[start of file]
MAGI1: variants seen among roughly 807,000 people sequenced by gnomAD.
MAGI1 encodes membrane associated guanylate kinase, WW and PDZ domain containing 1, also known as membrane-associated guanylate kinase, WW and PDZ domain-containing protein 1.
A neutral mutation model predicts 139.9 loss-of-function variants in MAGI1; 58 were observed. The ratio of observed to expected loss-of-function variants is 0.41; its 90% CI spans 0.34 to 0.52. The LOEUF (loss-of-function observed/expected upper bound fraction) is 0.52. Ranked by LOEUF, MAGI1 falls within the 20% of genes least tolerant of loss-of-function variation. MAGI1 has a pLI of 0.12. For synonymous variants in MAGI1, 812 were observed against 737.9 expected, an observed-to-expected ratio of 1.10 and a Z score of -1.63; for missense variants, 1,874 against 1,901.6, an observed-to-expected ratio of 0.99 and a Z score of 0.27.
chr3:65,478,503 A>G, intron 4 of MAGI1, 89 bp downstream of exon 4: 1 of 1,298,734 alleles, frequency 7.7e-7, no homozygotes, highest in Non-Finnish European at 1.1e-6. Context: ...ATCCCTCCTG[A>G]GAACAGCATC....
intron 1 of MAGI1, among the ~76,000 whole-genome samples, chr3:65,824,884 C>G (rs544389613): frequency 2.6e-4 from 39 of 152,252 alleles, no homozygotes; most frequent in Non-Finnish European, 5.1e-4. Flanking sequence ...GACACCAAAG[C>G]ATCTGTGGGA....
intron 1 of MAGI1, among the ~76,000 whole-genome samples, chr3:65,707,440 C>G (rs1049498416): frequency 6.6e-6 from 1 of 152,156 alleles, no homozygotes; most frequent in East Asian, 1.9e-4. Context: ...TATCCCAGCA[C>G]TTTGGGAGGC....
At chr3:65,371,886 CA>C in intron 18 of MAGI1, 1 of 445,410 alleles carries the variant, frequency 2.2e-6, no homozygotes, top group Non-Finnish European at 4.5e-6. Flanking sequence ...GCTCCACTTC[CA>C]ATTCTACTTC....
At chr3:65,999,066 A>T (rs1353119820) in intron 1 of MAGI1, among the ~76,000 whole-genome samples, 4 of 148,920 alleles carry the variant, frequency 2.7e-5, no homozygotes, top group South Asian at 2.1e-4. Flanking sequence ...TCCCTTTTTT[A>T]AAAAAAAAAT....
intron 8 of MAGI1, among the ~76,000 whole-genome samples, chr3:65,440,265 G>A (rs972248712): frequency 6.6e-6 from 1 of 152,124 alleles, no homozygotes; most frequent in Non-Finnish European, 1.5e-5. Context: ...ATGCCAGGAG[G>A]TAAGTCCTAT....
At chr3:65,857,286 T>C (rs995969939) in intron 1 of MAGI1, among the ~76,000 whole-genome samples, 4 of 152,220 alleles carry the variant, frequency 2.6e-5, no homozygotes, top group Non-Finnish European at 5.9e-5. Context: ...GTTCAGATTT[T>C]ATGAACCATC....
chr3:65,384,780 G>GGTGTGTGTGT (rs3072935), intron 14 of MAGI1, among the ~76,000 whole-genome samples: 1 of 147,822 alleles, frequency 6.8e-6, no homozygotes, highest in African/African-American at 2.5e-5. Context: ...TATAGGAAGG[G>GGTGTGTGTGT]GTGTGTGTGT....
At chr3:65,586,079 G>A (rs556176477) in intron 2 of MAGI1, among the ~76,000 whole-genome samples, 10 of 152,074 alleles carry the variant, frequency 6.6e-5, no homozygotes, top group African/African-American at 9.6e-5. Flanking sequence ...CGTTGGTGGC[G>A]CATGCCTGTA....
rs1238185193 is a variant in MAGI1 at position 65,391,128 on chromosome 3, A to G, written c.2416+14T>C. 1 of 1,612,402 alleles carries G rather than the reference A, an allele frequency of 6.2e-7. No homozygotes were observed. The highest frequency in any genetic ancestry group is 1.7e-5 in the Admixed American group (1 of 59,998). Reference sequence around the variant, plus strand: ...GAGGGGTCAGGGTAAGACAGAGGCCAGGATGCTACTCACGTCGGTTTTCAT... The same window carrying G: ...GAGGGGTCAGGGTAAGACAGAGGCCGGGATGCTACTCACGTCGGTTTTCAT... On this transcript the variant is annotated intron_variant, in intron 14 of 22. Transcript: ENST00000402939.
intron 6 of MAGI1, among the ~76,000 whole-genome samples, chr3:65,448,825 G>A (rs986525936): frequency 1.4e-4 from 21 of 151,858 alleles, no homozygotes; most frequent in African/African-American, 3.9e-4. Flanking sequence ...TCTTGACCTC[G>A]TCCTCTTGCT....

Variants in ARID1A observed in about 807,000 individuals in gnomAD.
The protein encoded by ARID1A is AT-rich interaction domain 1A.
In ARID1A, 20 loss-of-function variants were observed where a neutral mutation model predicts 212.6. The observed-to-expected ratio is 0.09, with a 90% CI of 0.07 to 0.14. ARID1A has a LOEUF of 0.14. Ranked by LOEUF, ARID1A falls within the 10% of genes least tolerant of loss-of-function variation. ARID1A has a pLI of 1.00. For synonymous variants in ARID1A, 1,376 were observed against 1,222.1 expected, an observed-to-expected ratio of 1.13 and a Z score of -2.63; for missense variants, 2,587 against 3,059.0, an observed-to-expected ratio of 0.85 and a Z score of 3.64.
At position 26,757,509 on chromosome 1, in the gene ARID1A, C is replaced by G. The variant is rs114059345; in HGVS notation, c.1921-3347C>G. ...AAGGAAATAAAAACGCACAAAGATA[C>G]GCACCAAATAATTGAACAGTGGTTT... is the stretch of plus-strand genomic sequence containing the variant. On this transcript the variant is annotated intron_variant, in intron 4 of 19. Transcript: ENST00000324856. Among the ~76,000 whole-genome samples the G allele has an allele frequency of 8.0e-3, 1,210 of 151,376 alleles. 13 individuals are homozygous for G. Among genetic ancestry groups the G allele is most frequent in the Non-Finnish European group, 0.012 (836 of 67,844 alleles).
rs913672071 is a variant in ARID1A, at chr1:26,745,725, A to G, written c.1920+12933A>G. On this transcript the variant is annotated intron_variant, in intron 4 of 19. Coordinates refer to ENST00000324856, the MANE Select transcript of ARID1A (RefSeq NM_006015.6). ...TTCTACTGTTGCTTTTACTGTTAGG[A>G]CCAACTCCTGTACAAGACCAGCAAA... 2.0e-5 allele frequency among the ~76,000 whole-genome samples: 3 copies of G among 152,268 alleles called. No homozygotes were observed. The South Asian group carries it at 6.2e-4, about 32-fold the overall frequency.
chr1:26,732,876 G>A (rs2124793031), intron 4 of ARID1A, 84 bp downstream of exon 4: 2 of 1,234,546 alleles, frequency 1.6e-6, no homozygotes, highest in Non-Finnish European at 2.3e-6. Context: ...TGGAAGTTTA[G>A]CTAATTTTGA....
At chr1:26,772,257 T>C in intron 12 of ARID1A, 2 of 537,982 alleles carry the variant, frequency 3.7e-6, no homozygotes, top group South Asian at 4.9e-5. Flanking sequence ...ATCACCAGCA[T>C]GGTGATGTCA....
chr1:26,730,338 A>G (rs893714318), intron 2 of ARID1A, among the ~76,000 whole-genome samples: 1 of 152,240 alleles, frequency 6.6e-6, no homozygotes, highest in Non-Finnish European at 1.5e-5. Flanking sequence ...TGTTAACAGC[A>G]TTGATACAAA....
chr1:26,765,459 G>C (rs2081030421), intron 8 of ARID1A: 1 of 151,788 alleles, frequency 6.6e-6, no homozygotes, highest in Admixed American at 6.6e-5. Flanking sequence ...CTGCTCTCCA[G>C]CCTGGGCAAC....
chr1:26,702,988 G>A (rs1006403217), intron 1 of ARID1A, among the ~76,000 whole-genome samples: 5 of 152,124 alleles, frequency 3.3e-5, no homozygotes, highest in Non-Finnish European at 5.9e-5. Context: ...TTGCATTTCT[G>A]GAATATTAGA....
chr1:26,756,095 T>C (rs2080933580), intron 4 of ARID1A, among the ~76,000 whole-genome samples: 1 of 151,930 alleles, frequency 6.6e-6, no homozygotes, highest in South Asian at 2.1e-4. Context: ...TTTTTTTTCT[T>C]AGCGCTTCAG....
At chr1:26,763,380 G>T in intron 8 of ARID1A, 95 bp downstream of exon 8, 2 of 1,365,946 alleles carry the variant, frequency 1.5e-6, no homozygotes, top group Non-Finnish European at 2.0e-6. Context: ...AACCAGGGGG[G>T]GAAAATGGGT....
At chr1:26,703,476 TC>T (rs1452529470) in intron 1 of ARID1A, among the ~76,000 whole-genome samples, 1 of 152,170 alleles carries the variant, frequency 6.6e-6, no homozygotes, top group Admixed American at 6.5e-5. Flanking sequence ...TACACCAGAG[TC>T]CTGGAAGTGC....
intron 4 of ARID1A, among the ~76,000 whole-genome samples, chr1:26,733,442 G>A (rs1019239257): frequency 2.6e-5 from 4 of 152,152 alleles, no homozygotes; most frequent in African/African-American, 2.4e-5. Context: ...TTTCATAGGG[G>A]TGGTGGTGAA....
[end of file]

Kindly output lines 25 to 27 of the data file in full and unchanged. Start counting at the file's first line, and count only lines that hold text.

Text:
chr1:26,756,095 T>C (rs2080933580), intron 4 of ARID1A, among the ~76,000 whole-genome samples: 1 of 151,930 alleles, frequency 6.6e-6, no homozygotes, highest in South Asian at 2.1e-4. Context: ...TTTTTTTTCT[T>C]AGCGCTTCAG....
At chr1:26,763,380 G>T in intron 8 of ARID1A, 95 bp downstream of exon 8, 2 of 1,365,946 alleles carry the variant, frequency 1.5e-6, no homozygotes, top group Non-Finnish European at 2.0e-6. Context: ...AACCAGGGGG[G>T]GAAAATGGGT....
At chr1:26,703,476 TC>T (rs1452529470) in intron 1 of ARID1A, among the ~76,000 whole-genome samples, 1 of 152,170 alleles carries the variant, frequency 6.6e-6, no homozygotes, top group Admixed American at 6.5e-5. Flanking sequence ...TACACCAGAG[TC>T]CTGGAAGTGC....